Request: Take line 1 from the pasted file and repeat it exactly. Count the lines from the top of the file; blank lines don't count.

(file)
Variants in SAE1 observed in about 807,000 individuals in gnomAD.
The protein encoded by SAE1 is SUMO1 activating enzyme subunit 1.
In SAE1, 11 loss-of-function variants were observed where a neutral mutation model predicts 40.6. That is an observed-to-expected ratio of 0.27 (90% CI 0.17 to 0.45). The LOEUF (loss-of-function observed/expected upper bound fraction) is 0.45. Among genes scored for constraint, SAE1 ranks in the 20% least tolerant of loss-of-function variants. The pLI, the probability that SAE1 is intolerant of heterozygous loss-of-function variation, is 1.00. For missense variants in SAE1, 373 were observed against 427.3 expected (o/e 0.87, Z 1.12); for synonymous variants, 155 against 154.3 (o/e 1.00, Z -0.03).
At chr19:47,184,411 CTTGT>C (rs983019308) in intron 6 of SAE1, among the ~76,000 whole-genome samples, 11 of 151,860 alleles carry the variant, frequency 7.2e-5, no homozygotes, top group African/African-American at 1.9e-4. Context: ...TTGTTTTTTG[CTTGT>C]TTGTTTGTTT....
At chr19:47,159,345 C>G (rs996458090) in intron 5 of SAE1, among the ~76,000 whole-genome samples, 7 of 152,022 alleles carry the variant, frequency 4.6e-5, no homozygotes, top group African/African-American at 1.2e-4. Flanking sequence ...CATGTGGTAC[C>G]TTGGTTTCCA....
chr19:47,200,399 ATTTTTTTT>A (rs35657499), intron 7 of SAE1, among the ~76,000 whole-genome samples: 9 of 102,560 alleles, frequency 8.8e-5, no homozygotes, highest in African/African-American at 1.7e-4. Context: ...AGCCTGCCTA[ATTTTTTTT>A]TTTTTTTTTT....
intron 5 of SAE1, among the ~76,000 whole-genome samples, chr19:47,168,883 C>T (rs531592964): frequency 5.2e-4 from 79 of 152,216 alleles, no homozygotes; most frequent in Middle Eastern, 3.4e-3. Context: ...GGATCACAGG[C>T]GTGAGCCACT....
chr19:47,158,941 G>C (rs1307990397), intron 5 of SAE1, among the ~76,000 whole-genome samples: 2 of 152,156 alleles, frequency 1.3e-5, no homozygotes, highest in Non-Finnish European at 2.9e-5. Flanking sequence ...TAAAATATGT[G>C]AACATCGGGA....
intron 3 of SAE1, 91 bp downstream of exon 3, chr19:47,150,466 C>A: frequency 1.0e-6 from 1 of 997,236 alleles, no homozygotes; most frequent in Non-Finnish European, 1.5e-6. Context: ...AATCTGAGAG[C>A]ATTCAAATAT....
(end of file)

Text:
Variants in SAE1 observed in about 807,000 individuals in gnomAD.